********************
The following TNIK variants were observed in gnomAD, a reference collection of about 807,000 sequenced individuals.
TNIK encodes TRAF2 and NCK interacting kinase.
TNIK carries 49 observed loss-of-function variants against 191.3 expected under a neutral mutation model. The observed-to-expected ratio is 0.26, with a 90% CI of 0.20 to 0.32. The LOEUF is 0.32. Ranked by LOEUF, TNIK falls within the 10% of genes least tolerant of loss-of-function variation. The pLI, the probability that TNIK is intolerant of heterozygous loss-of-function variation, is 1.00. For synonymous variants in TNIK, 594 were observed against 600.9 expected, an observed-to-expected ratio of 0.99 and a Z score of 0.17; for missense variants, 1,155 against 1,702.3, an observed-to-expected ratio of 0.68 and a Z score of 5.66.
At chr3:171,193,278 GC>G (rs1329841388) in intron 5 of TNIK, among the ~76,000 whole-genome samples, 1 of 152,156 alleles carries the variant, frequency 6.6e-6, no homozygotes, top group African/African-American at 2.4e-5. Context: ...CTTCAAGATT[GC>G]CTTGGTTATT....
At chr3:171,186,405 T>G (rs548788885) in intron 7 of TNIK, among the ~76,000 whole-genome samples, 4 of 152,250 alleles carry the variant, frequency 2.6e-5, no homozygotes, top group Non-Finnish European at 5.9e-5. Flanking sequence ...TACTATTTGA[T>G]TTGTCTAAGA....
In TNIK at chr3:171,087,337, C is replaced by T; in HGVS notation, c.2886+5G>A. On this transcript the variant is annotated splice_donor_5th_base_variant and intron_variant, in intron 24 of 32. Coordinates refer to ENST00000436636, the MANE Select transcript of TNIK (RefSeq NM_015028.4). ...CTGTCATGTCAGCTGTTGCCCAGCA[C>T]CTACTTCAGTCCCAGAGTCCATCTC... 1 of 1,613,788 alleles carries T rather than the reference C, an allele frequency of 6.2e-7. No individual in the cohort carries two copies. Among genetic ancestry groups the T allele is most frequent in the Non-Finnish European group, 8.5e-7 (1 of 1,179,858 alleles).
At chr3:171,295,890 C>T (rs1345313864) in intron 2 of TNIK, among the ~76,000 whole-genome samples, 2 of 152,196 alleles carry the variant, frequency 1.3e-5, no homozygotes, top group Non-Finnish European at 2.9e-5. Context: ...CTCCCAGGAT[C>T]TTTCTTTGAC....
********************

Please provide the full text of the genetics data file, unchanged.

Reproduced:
The following TNIK variants were observed in gnomAD, a reference collection of about 807,000 sequenced individuals.
TNIK encodes TRAF2 and NCK interacting kinase.
TNIK carries 49 observed loss-of-function variants against 191.3 expected under a neutral mutation model. The observed-to-expected ratio is 0.26, with a 90% CI of 0.20 to 0.32. The LOEUF is 0.32. Ranked by LOEUF, TNIK falls within the 10% of genes least tolerant of loss-of-function variation. The pLI, the probability that TNIK is intolerant of heterozygous loss-of-function variation, is 1.00. For synonymous variants in TNIK, 594 were observed against 600.9 expected, an observed-to-expected ratio of 0.99 and a Z score of 0.17; for missense variants, 1,155 against 1,702.3, an observed-to-expected ratio of 0.68 and a Z score of 5.66.
At chr3:171,193,278 GC>G (rs1329841388) in intron 5 of TNIK, among the ~76,000 whole-genome samples, 1 of 152,156 alleles carries the variant, frequency 6.6e-6, no homozygotes, top group African/African-American at 2.4e-5. Context: ...CTTCAAGATT[GC>G]CTTGGTTATT....
At chr3:171,186,405 T>G (rs548788885) in intron 7 of TNIK, among the ~76,000 whole-genome samples, 4 of 152,250 alleles carry the variant, frequency 2.6e-5, no homozygotes, top group Non-Finnish European at 5.9e-5. Flanking sequence ...TACTATTTGA[T>G]TTGTCTAAGA....
In TNIK at chr3:171,087,337, C is replaced by T; in HGVS notation, c.2886+5G>A. On this transcript the variant is annotated splice_donor_5th_base_variant and intron_variant, in intron 24 of 32. Coordinates refer to ENST00000436636, the MANE Select transcript of TNIK (RefSeq NM_015028.4). ...CTGTCATGTCAGCTGTTGCCCAGCA[C>T]CTACTTCAGTCCCAGAGTCCATCTC... 1 of 1,613,788 alleles carries T rather than the reference C, an allele frequency of 6.2e-7. No individual in the cohort carries two copies. Among genetic ancestry groups the T allele is most frequent in the Non-Finnish European group, 8.5e-7 (1 of 1,179,858 alleles).
At chr3:171,295,890 C>T (rs1345313864) in intron 2 of TNIK, among the ~76,000 whole-genome samples, 2 of 152,196 alleles carry the variant, frequency 1.3e-5, no homozygotes, top group Non-Finnish European at 2.9e-5. Context: ...CTCCCAGGAT[C>T]TTTCTTTGAC....